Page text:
Visit with 'stunning' spoonbills

Families flock to see beautiful birds

Last updated 08:54 25/09/2014
spoonbill
SHOW-OFF: A royal spoonbill preens itself ahead of the mating season at Wairau Lagoon.

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Seduction tactics are running hot in the Wairau Lagoons this month, as royal spoonbills up their game for the breeding season.

The striking birds grow long white plumes from the back of their heads along with coloured patches on their faces in order to attract a mate.

Ornithologist Will Parsons, of Driftwood Eco-Tours, said the spoonbills were stunningly beautiful birds.

"Especially in the breeding plumes, with the hiawatha headdress. It's quite a dramatic change."

Parsons and wife Rose are launching their Meet the Royal Spoonbill Tour this Sunday, to coincide with World River Day.

The two-hour easy kayak trip will aim to travel within 10 metres of a group of spoonbills, to watch them digging up food from the mud, or preening their newfound mates.

Spoonbills tended to pair up and then join a communal group of around six birds, because they were more effective together when stirring up the mud with their spoon-like beaks, Parsons said.

"We're hoping families will come and take a look at the lagoon and these stunning birds. So many people in Marlborough don't realise what an incredible ecosystem we have on our back doorstep, and we really just want to show it off."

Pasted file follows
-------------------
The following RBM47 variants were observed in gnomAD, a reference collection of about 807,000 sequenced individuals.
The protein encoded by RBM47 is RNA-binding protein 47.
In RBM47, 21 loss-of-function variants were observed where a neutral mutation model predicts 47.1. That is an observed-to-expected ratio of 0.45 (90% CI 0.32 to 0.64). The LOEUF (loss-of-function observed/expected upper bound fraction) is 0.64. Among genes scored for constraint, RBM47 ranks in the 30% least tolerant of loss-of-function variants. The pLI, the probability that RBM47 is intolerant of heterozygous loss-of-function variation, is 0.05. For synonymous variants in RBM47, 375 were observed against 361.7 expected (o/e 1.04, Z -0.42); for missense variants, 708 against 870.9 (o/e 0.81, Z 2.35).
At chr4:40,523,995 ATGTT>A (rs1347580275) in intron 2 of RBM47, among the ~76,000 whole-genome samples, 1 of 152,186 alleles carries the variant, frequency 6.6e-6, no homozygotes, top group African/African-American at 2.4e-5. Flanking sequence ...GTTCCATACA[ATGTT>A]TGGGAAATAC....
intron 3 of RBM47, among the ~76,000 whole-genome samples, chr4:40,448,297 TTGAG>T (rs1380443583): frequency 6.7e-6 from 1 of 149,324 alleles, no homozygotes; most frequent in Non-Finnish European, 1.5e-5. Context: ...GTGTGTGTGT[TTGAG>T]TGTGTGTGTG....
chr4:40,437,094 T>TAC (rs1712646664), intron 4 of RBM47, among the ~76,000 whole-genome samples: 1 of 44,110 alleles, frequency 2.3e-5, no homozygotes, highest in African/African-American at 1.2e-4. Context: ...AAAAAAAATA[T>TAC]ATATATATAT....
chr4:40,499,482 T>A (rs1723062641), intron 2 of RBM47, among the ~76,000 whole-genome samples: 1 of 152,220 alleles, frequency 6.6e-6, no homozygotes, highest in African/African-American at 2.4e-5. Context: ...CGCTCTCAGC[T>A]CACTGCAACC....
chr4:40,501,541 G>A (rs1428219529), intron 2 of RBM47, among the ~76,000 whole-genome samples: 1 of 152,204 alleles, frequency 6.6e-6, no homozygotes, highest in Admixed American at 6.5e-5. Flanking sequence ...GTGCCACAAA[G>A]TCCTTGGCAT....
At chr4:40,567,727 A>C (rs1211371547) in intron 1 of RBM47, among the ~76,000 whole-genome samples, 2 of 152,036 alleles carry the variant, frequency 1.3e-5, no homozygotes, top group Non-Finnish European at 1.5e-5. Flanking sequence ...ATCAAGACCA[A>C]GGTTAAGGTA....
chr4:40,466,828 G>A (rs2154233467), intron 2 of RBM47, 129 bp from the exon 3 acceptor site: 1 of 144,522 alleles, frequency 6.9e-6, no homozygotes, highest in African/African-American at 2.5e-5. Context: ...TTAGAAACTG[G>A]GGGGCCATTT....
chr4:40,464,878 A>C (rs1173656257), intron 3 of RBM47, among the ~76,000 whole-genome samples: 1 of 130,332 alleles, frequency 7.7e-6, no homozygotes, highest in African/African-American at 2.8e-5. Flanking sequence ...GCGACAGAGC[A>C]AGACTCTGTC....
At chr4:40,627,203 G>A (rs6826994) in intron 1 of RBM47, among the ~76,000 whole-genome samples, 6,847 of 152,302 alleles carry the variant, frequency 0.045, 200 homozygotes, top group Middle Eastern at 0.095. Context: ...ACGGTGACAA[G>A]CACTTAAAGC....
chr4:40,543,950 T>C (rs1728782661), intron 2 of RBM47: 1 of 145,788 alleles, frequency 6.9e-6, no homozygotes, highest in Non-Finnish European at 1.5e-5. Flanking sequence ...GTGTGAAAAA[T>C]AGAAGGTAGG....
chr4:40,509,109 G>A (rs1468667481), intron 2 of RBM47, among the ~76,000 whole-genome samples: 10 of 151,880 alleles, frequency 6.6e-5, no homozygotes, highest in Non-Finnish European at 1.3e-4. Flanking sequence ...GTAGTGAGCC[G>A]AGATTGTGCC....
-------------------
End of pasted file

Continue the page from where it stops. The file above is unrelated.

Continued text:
The tours were about more than just the spoonbills, with 90 species of birds in the lagoon, including godwits, which recently arrived there on their annual migration, Parsons said.

They were also about the rich history of the lagoon, which was first used as a hunting ground by Maori 800 years ago.

"I think it's very spiritual here. It's the oldest centre of civilisation in New Zealand, and it's like the hub of a wheel, because you can see all of Marlborough from there, as well as the North Island. It's got a real magic to it."

The tours, especially on World River Day, also educated people on the importance of protecting New Zealand's waterways, he said.

"This is an opportunity to see what our river looks like," Parsons said.

"You might see a bit of rubbish as you are going down, and think about why we need to be a bit more responsible."

Driftwood Eco-Tours' Meet the Royal Spoonbill Tours are this Sunday, next Sunday, Thursday, October 9 and Saturday, October 11.

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- The Marlborough Express

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